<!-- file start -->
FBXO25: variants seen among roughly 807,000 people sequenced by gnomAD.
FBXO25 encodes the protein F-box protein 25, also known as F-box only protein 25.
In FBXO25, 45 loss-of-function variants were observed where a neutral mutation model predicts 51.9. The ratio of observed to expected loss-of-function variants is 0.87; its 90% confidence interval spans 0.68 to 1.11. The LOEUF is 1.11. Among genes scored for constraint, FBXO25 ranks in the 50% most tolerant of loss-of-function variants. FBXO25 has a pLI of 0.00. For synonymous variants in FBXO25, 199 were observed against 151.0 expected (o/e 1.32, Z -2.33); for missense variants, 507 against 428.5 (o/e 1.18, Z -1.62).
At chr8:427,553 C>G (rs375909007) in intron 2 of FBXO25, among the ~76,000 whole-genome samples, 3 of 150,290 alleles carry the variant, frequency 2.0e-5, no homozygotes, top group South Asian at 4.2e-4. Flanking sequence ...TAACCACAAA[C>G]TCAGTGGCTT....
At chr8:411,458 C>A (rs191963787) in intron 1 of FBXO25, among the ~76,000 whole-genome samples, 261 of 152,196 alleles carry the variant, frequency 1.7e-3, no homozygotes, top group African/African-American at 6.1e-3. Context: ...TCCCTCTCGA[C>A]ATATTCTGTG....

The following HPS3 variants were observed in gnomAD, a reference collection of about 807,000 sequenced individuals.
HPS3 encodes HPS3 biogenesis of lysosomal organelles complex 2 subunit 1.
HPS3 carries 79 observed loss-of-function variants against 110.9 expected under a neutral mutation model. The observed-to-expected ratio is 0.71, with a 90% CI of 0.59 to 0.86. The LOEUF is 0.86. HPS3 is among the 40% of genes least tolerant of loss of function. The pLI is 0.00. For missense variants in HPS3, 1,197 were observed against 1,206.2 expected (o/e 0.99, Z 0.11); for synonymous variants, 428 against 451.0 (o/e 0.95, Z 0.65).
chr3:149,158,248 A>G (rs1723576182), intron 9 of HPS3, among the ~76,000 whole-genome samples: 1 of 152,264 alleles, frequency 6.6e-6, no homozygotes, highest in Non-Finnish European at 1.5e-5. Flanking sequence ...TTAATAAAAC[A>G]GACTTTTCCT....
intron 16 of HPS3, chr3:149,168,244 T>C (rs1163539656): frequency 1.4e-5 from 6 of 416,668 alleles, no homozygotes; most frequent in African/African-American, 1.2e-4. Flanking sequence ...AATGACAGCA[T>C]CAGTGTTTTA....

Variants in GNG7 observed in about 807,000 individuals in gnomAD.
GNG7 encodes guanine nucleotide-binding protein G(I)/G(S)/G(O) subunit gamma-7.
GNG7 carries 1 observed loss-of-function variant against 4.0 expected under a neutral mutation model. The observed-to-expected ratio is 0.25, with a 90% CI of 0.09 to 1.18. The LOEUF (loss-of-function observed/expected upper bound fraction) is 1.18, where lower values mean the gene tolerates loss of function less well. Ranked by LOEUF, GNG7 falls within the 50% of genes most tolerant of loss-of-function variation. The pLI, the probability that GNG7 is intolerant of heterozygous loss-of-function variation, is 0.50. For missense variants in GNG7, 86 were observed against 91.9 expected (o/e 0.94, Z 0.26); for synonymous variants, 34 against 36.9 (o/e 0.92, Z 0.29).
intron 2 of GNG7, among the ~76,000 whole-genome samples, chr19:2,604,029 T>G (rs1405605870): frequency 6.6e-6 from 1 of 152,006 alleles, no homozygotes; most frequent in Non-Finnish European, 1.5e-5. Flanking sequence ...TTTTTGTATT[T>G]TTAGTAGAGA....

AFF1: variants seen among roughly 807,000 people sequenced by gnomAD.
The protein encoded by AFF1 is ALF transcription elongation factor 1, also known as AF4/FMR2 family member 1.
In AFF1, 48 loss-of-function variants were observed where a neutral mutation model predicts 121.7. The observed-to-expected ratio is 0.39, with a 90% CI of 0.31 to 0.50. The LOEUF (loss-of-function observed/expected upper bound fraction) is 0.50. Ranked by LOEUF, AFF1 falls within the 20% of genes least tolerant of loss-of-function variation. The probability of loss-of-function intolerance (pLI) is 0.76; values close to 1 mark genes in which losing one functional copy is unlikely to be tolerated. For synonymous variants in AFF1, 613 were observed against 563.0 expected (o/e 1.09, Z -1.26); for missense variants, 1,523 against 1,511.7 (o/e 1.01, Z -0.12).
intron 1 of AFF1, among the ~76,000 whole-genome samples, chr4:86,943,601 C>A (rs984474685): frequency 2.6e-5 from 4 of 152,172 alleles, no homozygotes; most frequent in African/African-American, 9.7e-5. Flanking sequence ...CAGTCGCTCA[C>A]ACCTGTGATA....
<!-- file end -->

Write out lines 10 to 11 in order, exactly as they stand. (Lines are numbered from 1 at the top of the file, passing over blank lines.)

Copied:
intron 16 of HPS3, chr3:149,168,244 T>C (rs1163539656): frequency 1.4e-5 from 6 of 416,668 alleles, no homozygotes; most frequent in African/African-American, 1.2e-4. Flanking sequence ...AATGACAGCA[T>C]CAGTGTTTTA....

Variants in GNG7 observed in about 807,000 individuals in gnomAD.